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Fixed inserts on the core side of a thermoplastic injection mold made with MoldMax for localized cooling. (Note: all images show a new hybrid tool currently in development at JMMS.)
Another fixed insert for the core side, made with MoldMax to ensure localized cooling for deep ribs.
A few years ago, executives from Honda North America called a group of Tier One suppliers together and shared some aggressive numbers. Based on Honda’s new production requirements, the Honda execs wanted these suppliers, who provided assemblies with injection-molded parts, to commit to increased productivity and much shorter cycle times. Honda instructed these Tier One vendors to meet these new production numbers by replacing traditional P20 tool steel in their injection molds with a material offering better thermal transfer and shorter cycle times. Their forecast, in short, called for aluminum.
The Aluminum Trend
The trend in moldmaking today is to build with aluminum and it certainly offers clear-cut advantages over P20 for low-volume production and prototyping. Aluminum adds more thermal capability, but it’s not robust—a key concern, as the suppliers would be using these injection molds for a range of high-volume parts. From Honda’s point of view, aluminum offered benefits in addition to faster thermal transfer and shorter cycle times, including better machinability and faster tooling development and production. The toolmakers would need to meet Honda’s objectives, while also delivering the durability and maintenance specs the Tier One suppliers were looking for.
An internal Honda team worked with Alcoa and introduced them to the Tier One suppliers, saying, “Alcoa is your partner. They know the materials.” As Honda’s global seating supplier, TS Tech participated in these meetings and discussions. Steve Furniss, Department Manager of TS Tech North America’s Tooling Administration, would be the man driving TS Tech’s switch to aluminum tooling.
By his own admission, Steve had limited experience with tooling made with aluminum, but he did his homework. He attended the last two Amerimold expos and had extensive discussions with Alcoa about QC10, a tool-grade alloy that’s harder than most aluminum alloys. The cycle time reductions available with QC10 were impressive, so with his material supplier set, he drew up his short list of toolmakers. Ideally, these toolmakers would understand the production characteristics and maintenance requirements of QC10, and how they differ from those of P20.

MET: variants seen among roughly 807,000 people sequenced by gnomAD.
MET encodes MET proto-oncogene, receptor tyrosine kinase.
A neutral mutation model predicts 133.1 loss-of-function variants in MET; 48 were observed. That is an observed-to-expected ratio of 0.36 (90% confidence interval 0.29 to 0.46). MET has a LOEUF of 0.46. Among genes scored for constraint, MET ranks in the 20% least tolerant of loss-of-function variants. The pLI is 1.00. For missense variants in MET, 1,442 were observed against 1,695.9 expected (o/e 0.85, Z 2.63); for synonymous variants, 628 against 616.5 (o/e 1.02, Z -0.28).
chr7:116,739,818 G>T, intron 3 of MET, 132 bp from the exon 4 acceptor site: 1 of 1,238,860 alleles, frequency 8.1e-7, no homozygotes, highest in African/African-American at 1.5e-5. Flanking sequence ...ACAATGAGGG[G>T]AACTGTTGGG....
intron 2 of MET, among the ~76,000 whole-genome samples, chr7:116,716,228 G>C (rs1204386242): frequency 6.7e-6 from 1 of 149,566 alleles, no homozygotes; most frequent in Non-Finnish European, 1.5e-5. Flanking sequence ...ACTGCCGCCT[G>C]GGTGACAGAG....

That’s where we came in—we meaning JMMS, a second-generation tooling manufacturer headquartered in Easley, SC. We were one of three tooling suppliers TS Tech ultimately selected to build five injection molds with aluminum. When Steve was sourcing the tools and talking to toolmakers, he was clearly looking for total program management—engineering and manufacturing, consultation during maturation and optimization, and maintenance.
We do all of that and as an added benefit, we brought extensive aluminum tooling experience to the table, having built tools with aluminum for customers in other industries. David M. Bowers II, the JMMS CEO, Brian Rossi, our Program Manager, and I participated in a conference call with Honda, TS Tech and the other toolmakers. The challenge, from our point of view, would be to comply with Honda’s material mandate while meeting TS Tech’s requirements for part quality and mold durability.
The Project: Hybrid Tooling
We had detailed early-stage discussions with Steve about aluminum tooling. Eventually, we proposed hybrid tooling instead. Hybrid tooling is a robust solution that combines aluminum with P20 and MoldMax, a copper beryllium alloy that’s much denser than traditional tool steels.
Hybrid tooling is more costly than aluminum tooling, but the engineering pays off with shorter cycle times, better dimensional control and improved corrosion resistance. Each material plays a designated role designed to capitalize on its strengths. The aluminum content in the hybrid tool’s design would comply with the Honda mandate, which was another point in its favor, but we also planned to use P20 for better mold durability and ease of maintenance. In addition to the increased productivity and material selection Honda wanted, Steve was looking for a new thermoplastic injection mold to deliver one million shots, five years in mass production and five more years of service life.
We made multiple visits to TS Tech to meet with Steve and his production and plant engineers, discussing the parts, injection molding and the plant’s maintenance process, so we were comfortable with the specs and warranty requirements. The hybrid tools we planned to build for TS Tech would use engineering we had tested and proven with thermoplastic injection molds for other industries.